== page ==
Crossed, p.7
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       Crossed, p.7

         Part #2 of Matched series by Ally Condie
Page 8


  I don’t answer. I’m trying to remember how this is done. The powder turns my hands black as I sift it through my fingers.

  Vick grabs my arm. “Stop,” he says in a low voice. “All the other decoys are staring. ”

  “Why do you care what they think?”

  “It’s bad for morale if someone like you goes crazy. ”

  “You said yourself that we’re not their leaders,” I say to Vick. Then I look over at the decoys. They all avoid my eyes except for Eli. He stares at me and I give him a quick grin to let him know that I’m not insane.

  “Ky,” Vick says, and then he suddenly gets it. “You figuring out a way to turn this back into ammo?”

  “It won’t be much good,” I say. “It’ll only do one big blast, and you’ll have to treat it like a grenade. Throw the gun and run away. ”

  Vick likes the possibilities. “We could put rocks, other stuff in there. Have you figured out the fuse?”

  “Not yet,” I say. “That’s the hardest part. ”

  “Why?” he asks, speaking low so the others can’t hear. “It’s a good idea, sure, but it’s going to be too hard to set it off while we’re running. ”

  “It’s not for us,” I say, and I glance again at the others. “We’ll teach them how to do it before we leave. But we’re running out of time. I say we leave the dead to everyone else today. ”

  Vick stands up, turns around to face the group. “Ky and I are taking a break from burying today,” he says. “The rest of you can take a turn. Some of you new decoys haven’t even done it yet. ”

  While they leave, I look down at my hands—ash-black and covered with the stuff that rained down death on us the night before—and remember the way we used to scavenge remnants back in my real village. The Society and the Enemy thought they were the only ones with fire but we knew how to use theirs. And how to make our own. We used stones called chert to light small fires when we really needed them.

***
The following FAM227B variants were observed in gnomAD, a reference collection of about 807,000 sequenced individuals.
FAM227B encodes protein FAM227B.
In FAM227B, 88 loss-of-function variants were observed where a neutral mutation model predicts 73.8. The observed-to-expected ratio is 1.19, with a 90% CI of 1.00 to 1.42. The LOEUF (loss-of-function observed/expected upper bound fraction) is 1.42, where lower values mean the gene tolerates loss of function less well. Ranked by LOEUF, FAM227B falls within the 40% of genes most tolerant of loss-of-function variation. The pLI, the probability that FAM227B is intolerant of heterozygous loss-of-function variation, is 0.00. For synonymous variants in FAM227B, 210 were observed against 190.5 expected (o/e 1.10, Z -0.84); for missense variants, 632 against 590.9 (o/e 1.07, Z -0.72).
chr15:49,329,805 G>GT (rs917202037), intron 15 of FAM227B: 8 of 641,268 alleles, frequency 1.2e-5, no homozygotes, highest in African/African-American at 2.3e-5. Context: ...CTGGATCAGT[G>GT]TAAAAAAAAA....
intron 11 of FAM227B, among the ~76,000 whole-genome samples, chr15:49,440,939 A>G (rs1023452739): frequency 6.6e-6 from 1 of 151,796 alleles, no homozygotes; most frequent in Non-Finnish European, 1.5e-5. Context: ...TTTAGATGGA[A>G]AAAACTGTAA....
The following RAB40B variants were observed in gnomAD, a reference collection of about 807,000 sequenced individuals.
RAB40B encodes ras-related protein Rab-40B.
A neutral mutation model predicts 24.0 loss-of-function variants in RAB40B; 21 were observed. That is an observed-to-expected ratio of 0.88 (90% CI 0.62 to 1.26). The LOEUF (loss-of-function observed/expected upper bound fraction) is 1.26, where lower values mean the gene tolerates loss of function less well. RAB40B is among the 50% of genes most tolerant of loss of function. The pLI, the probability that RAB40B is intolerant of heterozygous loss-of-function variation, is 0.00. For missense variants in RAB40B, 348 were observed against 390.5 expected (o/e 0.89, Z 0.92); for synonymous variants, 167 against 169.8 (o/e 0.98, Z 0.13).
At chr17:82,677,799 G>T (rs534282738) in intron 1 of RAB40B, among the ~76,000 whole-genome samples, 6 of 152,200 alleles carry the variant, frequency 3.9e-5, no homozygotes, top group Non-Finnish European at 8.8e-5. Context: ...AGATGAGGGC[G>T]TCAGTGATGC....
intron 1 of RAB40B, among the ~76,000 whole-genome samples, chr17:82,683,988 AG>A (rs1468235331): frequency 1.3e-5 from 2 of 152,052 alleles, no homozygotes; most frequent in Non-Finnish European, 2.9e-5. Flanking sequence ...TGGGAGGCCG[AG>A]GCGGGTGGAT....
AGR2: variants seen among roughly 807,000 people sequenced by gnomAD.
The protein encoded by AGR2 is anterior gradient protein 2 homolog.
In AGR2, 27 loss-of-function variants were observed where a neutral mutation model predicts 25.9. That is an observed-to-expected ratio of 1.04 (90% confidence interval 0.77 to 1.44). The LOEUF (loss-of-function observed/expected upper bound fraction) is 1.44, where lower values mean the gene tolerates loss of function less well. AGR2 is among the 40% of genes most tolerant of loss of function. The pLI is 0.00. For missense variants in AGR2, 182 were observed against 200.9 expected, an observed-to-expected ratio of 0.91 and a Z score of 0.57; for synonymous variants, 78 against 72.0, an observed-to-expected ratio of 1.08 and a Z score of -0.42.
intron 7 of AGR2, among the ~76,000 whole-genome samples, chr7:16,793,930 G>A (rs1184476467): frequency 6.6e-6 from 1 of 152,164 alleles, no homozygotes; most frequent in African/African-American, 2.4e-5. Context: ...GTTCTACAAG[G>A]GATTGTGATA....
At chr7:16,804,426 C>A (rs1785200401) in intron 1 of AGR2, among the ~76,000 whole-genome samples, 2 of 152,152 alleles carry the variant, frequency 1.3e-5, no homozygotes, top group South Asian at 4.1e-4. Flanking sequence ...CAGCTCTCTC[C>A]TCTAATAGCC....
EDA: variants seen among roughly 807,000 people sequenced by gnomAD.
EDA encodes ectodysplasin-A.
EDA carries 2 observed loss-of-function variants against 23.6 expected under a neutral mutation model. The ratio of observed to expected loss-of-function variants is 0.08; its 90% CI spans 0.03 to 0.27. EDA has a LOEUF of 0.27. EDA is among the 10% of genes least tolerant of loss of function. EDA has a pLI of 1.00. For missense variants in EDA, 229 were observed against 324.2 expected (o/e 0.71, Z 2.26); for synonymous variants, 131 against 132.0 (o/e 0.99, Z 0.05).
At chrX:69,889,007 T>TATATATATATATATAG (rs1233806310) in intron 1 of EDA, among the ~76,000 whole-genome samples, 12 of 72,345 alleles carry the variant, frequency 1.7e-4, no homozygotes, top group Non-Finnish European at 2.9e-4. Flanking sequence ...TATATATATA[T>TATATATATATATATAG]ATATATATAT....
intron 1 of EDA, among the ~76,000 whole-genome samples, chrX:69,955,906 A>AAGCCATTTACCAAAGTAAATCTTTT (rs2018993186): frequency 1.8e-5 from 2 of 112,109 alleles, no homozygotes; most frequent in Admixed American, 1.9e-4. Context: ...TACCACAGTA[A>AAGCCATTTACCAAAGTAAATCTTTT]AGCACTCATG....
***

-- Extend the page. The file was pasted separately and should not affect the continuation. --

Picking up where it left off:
“I still think we should go on a night where there isn’t a firing,” Vick says. “They might just think we blew ourselves up with this stuff if we can make it convincing. ” He gestures to the powder scattered all around us.

  He has a point. I’ve been so sure that they’ll hunt us down that I haven’t thought of other possibilities. Still, it’s more likely that others will try to follow if there isn’t a battle to distract them and death to cover our tracks. And I don’t want anyone to try to come with us. The Society will notice if more than a few decoys leave, and we might still be worth hunting.

  And I have no idea what we’re going to find in the Carving. I’m not trying to lead. I only want to survive.

  “How about this?” I say. “We’ll go tonight. Whether there’s a firing or not. ”

  “All right,” Vick says after a moment.

  It’s settled then. We’re going to run. Soon.

  Vick and I work fast, trying to come up with a way to get the guns to explode. When the others come back from digging the graves and figure out what we’re trying to do, they help us by gathering gunpowder and rocks. Some of the boys begin humming and singing as they work. I go cold as I recognize the tune, although I shouldn’t be surprised by what they sing. It’s the Anthem of the Society. The Society took music away by choosing the Hundred Songs carefully—complicated songs that only their engineered voices can navigate easily—and the Anthem is the only tune that most people can carry. Even it has a rising soprano line that no untrained person could sing. Most people can only copy the flat, drumming bass line or the easy notes of the alto and tenor parts. That’s what I hear now.